Newcastle college student reflects on local internship amid pandemic

By Esther “Essie” Martin

It has certainly been a strange time to be a student, a scientist and an American. Some things still seem almost normal: I brush my teeth every morning, winter has no mercy and research continues.

This year, I have been lucky to work in the Brady Lab at the University of Maine Darling Marine Center. Together with UMaine School of Marine Sciences graduate students Struan Coleman, Thomas Kiffney and Robert “Bert” Cuddy, I am investigating the potential role that kelp and other marine vegetation play in storing carbon in estuaries like the Damariscotta River. It is important to understand the role of ‘blue carbon’–carbon that is sequestered in the marine ecosystem– as we develop strategies to cut our carbon budget as a state, which is one of the goals outlined in the recently released Maine Climate Action Plan from the Maine Climate Council. Aside from being a great tool to capture carbon with, kelp is also a great food resource and part of the rapidly growing aquaculture industry in our state, with the potential to contribute considerably more than it does currently to our local economy.

We are growing kelp at the Darling Marine Center’s experimental sea farm in Lowes Cove, and collecting sediment near the farm and several other locations in the Damariscotta River to look for traces of kelp in the ecosystem. With our outdoor fieldwork we face new realities of masks and distance, as well as the old realities of cold and wet fieldwork as we gather our data.

In October we seeded kelp on the farm, carefully deploying the young kelp that had attached to twine sourced from Sarah Redmond, who operates Springtide Seaweed in Goldsboro. This twine is wrapped around 125 feet of thicker line, and held in place against the strong tides and sea ice of the river by two mushroom anchors and two moorings. We marked our work with bright buoys labeled “sea farm,” and left our crop to grow.

None of us had ever grown kelp before. The process was surprisingly simple when compared to other sea farming like growing scallops, mussels or oysters.

In November, it was time to check on our crop, and determine growth rate by measuring the mass and length of the kelp. When Struan and I pulled up the line it was great to see baby kelp waving through the water, golden opaque brown in the sunshine. It was an amazing moment–  we’d grown kelp for the first time, in winter, in Maine, during a pandemic. We did a little dance and snapped a few pictures before getting back to work.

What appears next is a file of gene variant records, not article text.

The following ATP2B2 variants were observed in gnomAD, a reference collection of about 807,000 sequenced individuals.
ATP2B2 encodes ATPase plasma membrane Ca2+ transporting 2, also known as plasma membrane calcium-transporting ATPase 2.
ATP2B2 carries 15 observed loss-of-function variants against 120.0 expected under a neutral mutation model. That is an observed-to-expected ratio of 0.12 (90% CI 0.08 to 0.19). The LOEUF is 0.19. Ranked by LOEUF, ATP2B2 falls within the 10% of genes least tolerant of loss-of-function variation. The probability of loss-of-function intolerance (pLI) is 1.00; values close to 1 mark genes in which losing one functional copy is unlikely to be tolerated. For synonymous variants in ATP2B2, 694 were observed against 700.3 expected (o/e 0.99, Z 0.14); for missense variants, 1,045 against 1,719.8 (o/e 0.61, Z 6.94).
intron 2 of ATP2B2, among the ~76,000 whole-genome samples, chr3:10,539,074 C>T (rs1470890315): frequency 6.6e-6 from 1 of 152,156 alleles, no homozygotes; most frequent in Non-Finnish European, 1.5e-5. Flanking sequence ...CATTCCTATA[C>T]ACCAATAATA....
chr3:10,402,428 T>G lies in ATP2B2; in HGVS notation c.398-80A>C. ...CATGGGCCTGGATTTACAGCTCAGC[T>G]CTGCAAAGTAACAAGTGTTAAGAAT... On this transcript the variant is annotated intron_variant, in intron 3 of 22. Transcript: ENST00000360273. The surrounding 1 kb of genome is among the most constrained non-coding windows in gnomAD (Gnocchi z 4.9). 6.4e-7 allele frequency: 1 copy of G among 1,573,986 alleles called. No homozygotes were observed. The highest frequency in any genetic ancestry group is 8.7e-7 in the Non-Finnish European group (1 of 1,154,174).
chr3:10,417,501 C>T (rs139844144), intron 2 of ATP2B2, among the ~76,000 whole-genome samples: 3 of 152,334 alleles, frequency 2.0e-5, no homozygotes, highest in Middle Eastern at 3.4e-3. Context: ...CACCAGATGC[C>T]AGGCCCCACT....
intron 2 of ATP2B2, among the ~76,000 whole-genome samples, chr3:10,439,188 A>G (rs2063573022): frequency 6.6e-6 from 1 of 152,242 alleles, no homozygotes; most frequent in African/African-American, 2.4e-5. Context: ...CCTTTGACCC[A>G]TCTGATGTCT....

We harvested kelp blades to be measured and weighed in the lab, careful to include the full blade, stipe and holdfast.

I love my job at the Darling Marine Center. I love how excited we get about kelp and growing food from the sea. I love that on long days measuring seaweed in the cold we share jokes and get our work done, freezing masks, pandemic and all. Thanks to Professor Damian Brady my research will extend into the summer of 2021 allowing me to continue collecting and analyzing sediment, and completing the kelp growth study at the Darling Marine Center.

Essie Martin, of Newcastle graduated from Lincoln Academy in 2017. She is currently an undergraduate at Bates College majoring in geology and minoring in chemistry. During the summer of 2020 Martin completed an internship at the University of Maine Darling Marine Center, in Walpole, working with Professor Damian Brady’s lab group. Since last summer Essie has continued to work with the Brady lab as the pandemic has enabled more flexibility in mixing hands on experience and remote work.

Founded in 1965, the Darling Marine Center’s mission is to connect people to the ocean. The Center’s researchers, staff and students work alongside fishermen, aquaculture entrepreneurs, marine industry professionals and other members of the community in Maine and around the world. More information is available at